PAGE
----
For national races, we also include information on candidates running for president, U.S. Senate and U.S. House of Representatives with districts in southeastern Wisconsin.
We will also include additional races — such as Wisconsin Legislature with districts in southeastern Wisconsin, Milwaukee County Board of Supervisors, Milwaukee Common Council, Milwaukee School Board — in our voter guide if there is: no incumbent running, institutional or groundswell of support for a surprising candidate, new maps or changes in competitiveness of a race, a potential to change balance of power or community interest.
For the races we do include in the voter guide, we share information on all of the candidates on the ballot, as long as candidate information is available publicly and/or the candidate responds to requests for information.
What’s WUWM’s approach to reaching out to candidates for interviews? And what do you do if someone doesn’t respond?
We attempt to interview the candidates from all parties ahead of a general election. We give candidates two weeks to respond, reaching out a maximum of four times via email and/or phone.
We inform candidates that we will do a non-interview if they don’t agree to be interviewed. A non-interview is a story that presents the candidate’s policy stances as we understand them as well as the questions we are hoping to ask the person.
If a candidate refuses to do an interview or doesn’t respond, the non-interview will air on Lake Effect and be published online. A news segment featuring interview highlights with the candidate’s opponent will say that the candidate refused to do an interview or didn’t respond, and we will share a few of the candidate’s stances on issues.
In candidate interviews, we do not ask candidates identical lists of questions, and the questions are influenced by what we hear from the community.
When it comes to the presidential election, when do you cover presidential, candidate and surrogate visits?
Presidents: WUWM covers many of the visits to Wisconsin made by sitting U.S. presidents. The factors that determine whether we cover a visit include whether the president’s visit is within WUWM’s listening area or within a reasonable driving distance from the Milwaukee area, and whether NPR is interested in having a WUWM reporter cover the event/visit.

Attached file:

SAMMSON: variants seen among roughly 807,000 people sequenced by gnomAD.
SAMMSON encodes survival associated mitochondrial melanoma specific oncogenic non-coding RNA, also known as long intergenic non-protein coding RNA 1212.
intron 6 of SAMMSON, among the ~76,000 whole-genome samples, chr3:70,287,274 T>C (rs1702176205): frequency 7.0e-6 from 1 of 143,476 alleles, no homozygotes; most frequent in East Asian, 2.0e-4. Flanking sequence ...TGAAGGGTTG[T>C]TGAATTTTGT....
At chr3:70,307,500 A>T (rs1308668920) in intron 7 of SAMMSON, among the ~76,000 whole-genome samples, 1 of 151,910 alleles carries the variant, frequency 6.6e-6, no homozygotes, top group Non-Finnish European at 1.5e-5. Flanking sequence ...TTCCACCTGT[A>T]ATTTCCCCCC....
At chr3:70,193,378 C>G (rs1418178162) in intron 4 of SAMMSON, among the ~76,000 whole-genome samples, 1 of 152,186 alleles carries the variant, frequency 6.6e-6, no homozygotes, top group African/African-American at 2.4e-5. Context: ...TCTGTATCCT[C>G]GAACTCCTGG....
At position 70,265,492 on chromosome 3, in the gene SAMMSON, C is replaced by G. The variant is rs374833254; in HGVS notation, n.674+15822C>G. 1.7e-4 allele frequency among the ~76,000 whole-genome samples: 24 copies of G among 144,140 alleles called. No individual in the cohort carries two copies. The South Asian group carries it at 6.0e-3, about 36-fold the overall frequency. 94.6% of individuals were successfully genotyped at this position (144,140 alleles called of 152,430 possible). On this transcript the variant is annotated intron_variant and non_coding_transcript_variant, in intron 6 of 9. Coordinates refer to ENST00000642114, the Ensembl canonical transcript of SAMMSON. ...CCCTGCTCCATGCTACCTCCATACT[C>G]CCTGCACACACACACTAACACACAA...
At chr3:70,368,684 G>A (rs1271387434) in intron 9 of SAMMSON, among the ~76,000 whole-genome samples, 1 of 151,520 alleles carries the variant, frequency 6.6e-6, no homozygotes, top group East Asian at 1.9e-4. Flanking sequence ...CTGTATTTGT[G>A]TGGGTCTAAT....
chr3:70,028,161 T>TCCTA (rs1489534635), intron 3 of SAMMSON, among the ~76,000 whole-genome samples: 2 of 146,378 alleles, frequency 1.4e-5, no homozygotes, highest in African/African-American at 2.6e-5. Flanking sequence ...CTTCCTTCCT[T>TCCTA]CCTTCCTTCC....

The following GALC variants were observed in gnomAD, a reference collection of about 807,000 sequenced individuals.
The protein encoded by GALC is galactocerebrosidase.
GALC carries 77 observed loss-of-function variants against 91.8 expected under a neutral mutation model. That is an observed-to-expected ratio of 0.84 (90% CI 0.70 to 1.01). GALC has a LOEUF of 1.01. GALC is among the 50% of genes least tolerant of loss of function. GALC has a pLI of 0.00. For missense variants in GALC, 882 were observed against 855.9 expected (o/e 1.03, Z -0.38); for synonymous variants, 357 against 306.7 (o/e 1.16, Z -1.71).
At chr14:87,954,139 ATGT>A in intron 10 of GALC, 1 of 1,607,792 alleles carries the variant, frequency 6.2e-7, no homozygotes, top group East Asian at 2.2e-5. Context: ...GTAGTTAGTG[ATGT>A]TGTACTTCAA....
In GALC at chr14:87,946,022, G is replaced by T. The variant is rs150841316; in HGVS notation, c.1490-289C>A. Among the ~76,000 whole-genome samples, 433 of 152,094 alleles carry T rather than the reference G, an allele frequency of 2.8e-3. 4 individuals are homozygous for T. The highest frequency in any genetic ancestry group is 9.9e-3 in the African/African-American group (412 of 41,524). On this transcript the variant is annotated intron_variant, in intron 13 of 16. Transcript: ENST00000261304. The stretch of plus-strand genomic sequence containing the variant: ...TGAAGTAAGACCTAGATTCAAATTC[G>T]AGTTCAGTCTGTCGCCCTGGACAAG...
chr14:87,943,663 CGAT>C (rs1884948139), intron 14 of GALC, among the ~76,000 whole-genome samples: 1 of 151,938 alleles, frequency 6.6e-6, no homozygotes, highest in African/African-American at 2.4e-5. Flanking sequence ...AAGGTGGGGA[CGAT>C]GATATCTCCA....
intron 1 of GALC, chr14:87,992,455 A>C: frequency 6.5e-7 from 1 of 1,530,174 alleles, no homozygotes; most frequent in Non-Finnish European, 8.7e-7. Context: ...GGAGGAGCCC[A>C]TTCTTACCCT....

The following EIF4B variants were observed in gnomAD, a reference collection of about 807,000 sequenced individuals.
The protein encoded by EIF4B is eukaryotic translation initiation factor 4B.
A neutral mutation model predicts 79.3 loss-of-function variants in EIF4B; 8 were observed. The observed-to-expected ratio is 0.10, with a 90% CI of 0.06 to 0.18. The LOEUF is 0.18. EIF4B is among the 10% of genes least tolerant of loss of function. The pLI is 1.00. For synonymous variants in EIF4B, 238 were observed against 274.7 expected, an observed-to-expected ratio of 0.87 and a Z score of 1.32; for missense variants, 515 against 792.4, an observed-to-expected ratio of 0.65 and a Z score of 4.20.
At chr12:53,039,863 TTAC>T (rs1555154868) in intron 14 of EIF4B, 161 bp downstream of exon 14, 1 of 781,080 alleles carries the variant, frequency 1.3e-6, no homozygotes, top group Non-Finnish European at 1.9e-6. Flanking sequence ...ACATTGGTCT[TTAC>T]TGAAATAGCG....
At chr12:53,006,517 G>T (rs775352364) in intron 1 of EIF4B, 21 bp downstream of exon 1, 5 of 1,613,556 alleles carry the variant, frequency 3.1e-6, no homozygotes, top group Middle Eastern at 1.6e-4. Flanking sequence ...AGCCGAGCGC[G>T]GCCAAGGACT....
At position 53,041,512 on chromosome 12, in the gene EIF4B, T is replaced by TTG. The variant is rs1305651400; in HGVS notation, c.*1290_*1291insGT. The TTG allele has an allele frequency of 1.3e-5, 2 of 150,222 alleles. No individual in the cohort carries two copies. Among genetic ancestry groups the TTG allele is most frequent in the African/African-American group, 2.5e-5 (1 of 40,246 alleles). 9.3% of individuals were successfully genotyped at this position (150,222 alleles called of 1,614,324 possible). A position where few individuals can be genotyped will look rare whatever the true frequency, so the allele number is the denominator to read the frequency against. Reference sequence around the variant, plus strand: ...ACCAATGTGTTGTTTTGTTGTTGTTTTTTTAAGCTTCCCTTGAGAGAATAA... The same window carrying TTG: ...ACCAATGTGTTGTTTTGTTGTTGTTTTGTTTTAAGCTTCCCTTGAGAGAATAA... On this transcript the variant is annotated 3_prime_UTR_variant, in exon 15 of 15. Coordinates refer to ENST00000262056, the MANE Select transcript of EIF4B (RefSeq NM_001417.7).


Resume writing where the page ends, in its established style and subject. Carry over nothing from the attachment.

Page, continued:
Presidential candidates: WUWM judges the newsworthiness of visits from candidates for president based a number of factors, such as: proximity to Milwaukee, timeliness of the visit, potential local impact of announcement/discussion, whether the candidates are reaching out to groups or individuals that are expected to play a pivotal role in the election, and how much attention Milwaukee and Wisconsin are getting from national figures.
Decisions to cover the events/visits also are determined by how voters and potential voters may respond to the appearance. In addition, a WUWM reporter may cover an event or visit for NPR.
Surrogates: When deciding whether to cover the visit by a surrogate for a president or presidential candidate, WUWM evaluates the position/power that the surrogate holds, the timeliness of the event/visit, the potential local impact of what's being announced/discussed, and how much attention Milwaukee and Wisconsin are getting from national figures. Decisions to cover the events/visits also are determined by how voters and potential voters may respond to the appearance. In addition, a WUWM reporter may cover an event or visit for NPR.
Questions? Ideas? We'd love to hear from you.